The wise man will not despise himself, however short of stature he may be, but nevertheless he will wish to be tall: even though he be feeble and one-eyed he may be in good health, yet he would prefer to have bodily strength, and that too, while he knows all the while that he has something which is even more powerful: he will endure illness, and will hope for good health: for some things, though they may be trifles compared with the sum total, and though they may be taken away without destroying the chief good, yet add somewhat to that constant cheerfulness which arises from virtue.
Riches encourage and brighten up such a man just as a sailor is delighted at a favourable wind that bears him on his way, or as people feel pleasure at a fine day or at a sunny spot in the cold weather.
What wise man, I mean of our school, whose only good is virtue, can deny that even these matters which we call neither good nor bad have in themselves a certain value, and that some of them are preferable to others? to some of them we show a certain amount of respect, and to some a great deal.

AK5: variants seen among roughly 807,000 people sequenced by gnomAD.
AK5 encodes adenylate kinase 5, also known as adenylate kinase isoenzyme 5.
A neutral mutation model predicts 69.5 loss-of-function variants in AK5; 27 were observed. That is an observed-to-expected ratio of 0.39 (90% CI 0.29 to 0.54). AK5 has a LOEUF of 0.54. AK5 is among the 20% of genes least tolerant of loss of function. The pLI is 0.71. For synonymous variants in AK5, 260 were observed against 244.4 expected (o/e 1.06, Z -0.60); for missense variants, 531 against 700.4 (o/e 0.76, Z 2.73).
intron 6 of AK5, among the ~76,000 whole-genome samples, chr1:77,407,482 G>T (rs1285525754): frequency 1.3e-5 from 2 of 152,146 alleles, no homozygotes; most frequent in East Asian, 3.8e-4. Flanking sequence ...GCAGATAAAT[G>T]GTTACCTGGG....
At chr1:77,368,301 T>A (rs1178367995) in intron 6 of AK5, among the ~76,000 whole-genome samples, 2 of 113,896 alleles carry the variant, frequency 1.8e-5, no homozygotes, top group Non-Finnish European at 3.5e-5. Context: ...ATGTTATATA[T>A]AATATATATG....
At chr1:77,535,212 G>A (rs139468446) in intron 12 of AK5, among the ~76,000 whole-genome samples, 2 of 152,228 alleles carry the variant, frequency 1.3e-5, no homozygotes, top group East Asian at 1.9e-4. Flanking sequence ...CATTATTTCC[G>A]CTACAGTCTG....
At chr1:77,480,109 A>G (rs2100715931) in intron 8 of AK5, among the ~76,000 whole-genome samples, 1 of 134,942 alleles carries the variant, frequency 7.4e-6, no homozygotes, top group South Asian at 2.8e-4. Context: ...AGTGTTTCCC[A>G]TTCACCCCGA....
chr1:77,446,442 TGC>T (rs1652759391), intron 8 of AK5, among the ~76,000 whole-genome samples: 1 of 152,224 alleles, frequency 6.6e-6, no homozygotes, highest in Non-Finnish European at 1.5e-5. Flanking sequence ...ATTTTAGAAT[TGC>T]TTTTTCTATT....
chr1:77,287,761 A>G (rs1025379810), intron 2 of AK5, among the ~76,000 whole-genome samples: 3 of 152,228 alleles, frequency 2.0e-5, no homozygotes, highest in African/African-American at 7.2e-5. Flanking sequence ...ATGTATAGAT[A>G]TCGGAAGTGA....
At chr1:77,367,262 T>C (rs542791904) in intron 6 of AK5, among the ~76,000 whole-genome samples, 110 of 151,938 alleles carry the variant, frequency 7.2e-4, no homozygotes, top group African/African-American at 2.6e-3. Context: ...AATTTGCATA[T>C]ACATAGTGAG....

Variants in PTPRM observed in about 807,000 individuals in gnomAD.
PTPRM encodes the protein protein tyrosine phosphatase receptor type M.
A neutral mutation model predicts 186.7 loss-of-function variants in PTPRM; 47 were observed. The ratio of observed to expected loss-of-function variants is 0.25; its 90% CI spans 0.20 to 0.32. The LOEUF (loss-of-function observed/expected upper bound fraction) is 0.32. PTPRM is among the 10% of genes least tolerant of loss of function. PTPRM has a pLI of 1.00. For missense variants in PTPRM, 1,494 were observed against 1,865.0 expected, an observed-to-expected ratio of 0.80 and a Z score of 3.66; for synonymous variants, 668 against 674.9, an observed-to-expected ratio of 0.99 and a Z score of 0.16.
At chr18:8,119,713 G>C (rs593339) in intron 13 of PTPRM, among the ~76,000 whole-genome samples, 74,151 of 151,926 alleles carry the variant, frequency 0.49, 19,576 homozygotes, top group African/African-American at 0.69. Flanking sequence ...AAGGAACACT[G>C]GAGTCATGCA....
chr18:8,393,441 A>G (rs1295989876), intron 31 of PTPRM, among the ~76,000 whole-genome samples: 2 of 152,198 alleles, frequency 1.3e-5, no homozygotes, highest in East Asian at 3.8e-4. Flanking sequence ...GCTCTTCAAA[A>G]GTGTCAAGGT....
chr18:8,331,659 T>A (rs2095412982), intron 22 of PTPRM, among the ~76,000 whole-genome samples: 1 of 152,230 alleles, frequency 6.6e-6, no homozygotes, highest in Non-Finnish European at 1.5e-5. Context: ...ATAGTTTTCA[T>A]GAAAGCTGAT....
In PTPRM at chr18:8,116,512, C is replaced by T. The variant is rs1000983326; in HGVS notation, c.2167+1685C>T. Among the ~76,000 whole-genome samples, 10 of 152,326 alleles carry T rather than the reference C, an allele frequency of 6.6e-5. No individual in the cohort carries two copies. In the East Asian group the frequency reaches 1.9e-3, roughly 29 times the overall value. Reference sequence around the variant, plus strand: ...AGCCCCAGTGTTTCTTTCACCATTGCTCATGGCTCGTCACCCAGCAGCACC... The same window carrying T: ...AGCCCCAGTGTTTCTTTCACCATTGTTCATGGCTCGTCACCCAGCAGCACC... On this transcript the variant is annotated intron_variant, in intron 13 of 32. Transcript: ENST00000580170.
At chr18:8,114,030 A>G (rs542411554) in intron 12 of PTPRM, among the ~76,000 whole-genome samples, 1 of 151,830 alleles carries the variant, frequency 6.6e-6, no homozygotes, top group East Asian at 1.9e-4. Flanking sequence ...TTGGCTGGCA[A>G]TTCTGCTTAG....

Do not, then, make any mistake: riches belong to the class of desirable things. “Why then,” say you, “do you laugh at me, since you place them in the same position that I do?”
Do you wish to know how different the position is in which we place them? If my riches leave me, they will carry away with them nothing except themselves: you will be bewildered and will seem to be left without yourself if they should pass away from you: with me riches occupy a certain place, but with you they occupy the highest place of all. In fine, my riches belong to me, you belong to your riches.